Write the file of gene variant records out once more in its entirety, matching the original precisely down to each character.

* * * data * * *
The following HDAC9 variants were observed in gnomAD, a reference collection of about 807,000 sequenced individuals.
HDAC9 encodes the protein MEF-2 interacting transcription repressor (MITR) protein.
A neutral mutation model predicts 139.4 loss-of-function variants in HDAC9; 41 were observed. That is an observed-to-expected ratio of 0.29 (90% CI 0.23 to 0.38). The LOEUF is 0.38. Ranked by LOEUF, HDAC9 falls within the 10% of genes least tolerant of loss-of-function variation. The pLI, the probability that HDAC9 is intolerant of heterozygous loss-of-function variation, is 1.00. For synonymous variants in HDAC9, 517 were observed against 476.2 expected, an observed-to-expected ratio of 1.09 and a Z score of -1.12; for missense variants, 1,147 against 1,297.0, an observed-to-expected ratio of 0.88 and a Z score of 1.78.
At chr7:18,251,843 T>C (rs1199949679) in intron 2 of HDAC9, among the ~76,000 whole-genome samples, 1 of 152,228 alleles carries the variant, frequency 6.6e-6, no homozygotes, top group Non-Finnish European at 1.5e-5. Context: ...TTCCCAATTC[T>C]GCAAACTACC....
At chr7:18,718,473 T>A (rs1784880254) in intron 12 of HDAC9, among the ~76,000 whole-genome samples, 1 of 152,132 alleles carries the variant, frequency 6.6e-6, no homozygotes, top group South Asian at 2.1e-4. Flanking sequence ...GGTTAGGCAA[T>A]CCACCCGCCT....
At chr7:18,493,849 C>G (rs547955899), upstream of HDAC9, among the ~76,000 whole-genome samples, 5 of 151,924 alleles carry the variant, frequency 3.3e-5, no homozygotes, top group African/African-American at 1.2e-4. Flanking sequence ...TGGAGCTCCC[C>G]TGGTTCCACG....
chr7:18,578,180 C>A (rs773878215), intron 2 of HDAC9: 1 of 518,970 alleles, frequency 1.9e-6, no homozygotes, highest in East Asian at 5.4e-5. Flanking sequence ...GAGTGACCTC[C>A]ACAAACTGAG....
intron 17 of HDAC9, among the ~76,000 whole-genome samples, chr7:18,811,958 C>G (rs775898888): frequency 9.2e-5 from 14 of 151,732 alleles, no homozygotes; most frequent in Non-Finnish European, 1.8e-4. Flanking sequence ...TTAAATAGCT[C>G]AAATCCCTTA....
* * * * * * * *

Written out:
The following HDAC9 variants were observed in gnomAD, a reference collection of about 807,000 sequenced individuals.
HDAC9 encodes the protein MEF-2 interacting transcription repressor (MITR) protein.
A neutral mutation model predicts 139.4 loss-of-function variants in HDAC9; 41 were observed. That is an observed-to-expected ratio of 0.29 (90% CI 0.23 to 0.38). The LOEUF is 0.38. Ranked by LOEUF, HDAC9 falls within the 10% of genes least tolerant of loss-of-function variation. The pLI, the probability that HDAC9 is intolerant of heterozygous loss-of-function variation, is 1.00. For synonymous variants in HDAC9, 517 were observed against 476.2 expected, an observed-to-expected ratio of 1.09 and a Z score of -1.12; for missense variants, 1,147 against 1,297.0, an observed-to-expected ratio of 0.88 and a Z score of 1.78.
At chr7:18,251,843 T>C (rs1199949679) in intron 2 of HDAC9, among the ~76,000 whole-genome samples, 1 of 152,228 alleles carries the variant, frequency 6.6e-6, no homozygotes, top group Non-Finnish European at 1.5e-5. Context: ...TTCCCAATTC[T>C]GCAAACTACC....
At chr7:18,718,473 T>A (rs1784880254) in intron 12 of HDAC9, among the ~76,000 whole-genome samples, 1 of 152,132 alleles carries the variant, frequency 6.6e-6, no homozygotes, top group South Asian at 2.1e-4. Flanking sequence ...GGTTAGGCAA[T>A]CCACCCGCCT....
At chr7:18,493,849 C>G (rs547955899), upstream of HDAC9, among the ~76,000 whole-genome samples, 5 of 151,924 alleles carry the variant, frequency 3.3e-5, no homozygotes, top group African/African-American at 1.2e-4. Flanking sequence ...TGGAGCTCCC[C>G]TGGTTCCACG....
chr7:18,578,180 C>A (rs773878215), intron 2 of HDAC9: 1 of 518,970 alleles, frequency 1.9e-6, no homozygotes, highest in East Asian at 5.4e-5. Flanking sequence ...GAGTGACCTC[C>A]ACAAACTGAG....
intron 17 of HDAC9, among the ~76,000 whole-genome samples, chr7:18,811,958 C>G (rs775898888): frequency 9.2e-5 from 14 of 151,732 alleles, no homozygotes; most frequent in Non-Finnish European, 1.8e-4. Flanking sequence ...TTAAATAGCT[C>G]AAATCCCTTA....